SAN FRANCISCO — The three major chains in Southern California violated anti-competition laws in 2003 by signing a mutual strike assistance agreement during a labor dispute, according to a ruling this week by the Ninth Circuit Court of Appeals here.
The chains — Supervalu-owned Albertsons, which was independently owned at the time; Kroger-owned Ralphs and Safeway-owned Vons — had contended the agreement was permissiable under the collective bargaining process. However, the court ruled the agreement fell under the Sherman Act regulating interstate trade and commerce, though it stopped short of ruling on whether or not the revenue-sharing arragement was legal.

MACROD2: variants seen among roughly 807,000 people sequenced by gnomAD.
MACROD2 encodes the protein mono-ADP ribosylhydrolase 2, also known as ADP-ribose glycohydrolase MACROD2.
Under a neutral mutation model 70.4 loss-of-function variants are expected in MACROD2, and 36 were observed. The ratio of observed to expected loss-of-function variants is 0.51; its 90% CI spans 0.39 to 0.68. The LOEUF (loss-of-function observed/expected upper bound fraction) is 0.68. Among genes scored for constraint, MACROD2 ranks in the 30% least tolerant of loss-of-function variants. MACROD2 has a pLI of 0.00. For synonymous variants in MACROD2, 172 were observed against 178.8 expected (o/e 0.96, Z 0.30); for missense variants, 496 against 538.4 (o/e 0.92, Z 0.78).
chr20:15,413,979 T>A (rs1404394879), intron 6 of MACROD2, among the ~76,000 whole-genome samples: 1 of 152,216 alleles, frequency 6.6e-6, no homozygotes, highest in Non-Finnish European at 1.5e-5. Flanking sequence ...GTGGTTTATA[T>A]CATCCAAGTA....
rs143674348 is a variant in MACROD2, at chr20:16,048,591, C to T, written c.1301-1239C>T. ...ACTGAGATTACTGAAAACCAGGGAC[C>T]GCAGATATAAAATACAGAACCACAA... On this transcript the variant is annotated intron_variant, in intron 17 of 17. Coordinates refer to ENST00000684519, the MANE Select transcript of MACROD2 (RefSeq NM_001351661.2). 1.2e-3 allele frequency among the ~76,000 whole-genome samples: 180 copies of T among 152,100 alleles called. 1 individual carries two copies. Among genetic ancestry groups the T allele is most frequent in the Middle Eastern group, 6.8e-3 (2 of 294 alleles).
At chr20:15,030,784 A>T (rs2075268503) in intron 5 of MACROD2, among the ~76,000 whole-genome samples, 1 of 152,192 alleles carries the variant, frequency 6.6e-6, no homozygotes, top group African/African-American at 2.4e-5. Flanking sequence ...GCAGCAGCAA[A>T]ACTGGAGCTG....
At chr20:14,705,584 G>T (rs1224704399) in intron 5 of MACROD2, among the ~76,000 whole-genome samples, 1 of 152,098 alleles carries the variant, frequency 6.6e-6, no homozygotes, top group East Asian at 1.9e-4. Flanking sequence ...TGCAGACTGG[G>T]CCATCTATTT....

The agreement was made in 2003, shortly before seven locals of the United Food and Commercial Workers Union launched a 141-day strike against Vons over the issue of health care benefits.
Under the agreement, the three companies said they would share revenues if any one of them was selected as the union's strike target. The state of California filed suit in 2004, charging the agreement was anti-competitive and not covered by a collective bargaining exemption to the law because Kroger-owned Food 4 Less was a party to the revenue-sharing agreement, although it was not involved in the labor dispute.
The court said Tuesday the revenue-sharing agreement concerned the "business" or "product" market but not the labor market and therefore was not immune from antitrust provisions.